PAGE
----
Disclaimer: Anything you read here is strictly based on my own personal opinion and experience and is not a guarantee of any kind. For educational information only.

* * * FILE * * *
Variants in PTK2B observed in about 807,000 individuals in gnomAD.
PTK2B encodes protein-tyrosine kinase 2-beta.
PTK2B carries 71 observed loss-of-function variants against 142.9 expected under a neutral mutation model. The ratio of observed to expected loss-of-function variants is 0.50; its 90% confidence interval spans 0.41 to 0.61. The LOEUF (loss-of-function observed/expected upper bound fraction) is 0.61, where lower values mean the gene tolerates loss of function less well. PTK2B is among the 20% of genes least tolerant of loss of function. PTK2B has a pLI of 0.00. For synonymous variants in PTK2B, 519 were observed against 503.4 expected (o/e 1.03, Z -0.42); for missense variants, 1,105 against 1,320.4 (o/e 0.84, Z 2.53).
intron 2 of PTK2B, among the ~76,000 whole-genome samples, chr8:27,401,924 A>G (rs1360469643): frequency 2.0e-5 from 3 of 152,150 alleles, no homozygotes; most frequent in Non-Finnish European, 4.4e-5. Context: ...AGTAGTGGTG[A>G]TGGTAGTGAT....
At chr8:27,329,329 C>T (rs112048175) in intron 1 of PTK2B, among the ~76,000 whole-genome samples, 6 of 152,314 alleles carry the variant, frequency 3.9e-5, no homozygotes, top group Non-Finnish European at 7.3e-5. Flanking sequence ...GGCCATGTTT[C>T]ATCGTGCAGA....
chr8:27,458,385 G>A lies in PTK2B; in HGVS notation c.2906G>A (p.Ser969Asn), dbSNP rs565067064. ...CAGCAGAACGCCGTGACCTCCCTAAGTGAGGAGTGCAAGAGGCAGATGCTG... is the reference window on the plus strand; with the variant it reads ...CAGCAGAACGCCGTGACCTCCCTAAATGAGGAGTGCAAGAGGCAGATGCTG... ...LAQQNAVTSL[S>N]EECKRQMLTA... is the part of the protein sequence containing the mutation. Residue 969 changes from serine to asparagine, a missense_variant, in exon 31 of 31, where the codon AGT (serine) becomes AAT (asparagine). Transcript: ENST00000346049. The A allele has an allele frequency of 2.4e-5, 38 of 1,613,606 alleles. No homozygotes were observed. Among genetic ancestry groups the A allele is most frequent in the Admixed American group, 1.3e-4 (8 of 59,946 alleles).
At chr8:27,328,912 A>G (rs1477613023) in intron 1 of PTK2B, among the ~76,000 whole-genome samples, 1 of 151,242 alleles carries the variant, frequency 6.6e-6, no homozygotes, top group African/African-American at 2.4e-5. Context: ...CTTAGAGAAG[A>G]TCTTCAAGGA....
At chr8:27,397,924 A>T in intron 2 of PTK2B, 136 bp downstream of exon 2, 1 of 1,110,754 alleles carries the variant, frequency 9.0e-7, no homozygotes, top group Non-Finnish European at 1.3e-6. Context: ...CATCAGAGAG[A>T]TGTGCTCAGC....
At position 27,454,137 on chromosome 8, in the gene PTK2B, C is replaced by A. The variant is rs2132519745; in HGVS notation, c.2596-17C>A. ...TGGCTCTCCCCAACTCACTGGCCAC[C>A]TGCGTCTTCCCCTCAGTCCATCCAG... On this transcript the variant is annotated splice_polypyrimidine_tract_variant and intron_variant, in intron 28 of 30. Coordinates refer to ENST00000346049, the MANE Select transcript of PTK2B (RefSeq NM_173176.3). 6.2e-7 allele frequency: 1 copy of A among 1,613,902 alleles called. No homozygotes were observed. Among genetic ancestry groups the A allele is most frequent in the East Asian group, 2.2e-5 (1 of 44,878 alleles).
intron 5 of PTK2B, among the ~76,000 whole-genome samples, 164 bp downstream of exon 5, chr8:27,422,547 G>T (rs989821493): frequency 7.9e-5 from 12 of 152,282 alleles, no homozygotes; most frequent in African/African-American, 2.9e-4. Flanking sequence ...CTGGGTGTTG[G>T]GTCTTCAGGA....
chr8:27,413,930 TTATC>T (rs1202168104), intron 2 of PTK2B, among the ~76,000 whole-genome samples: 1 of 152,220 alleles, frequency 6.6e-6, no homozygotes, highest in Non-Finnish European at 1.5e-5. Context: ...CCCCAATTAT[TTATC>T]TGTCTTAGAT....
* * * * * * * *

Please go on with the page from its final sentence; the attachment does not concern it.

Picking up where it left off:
Questions from pet owners
Question: Our new puppy is 10 weeks old and has been paper trained. If we try to crate train him, will it interfere with his housetraining?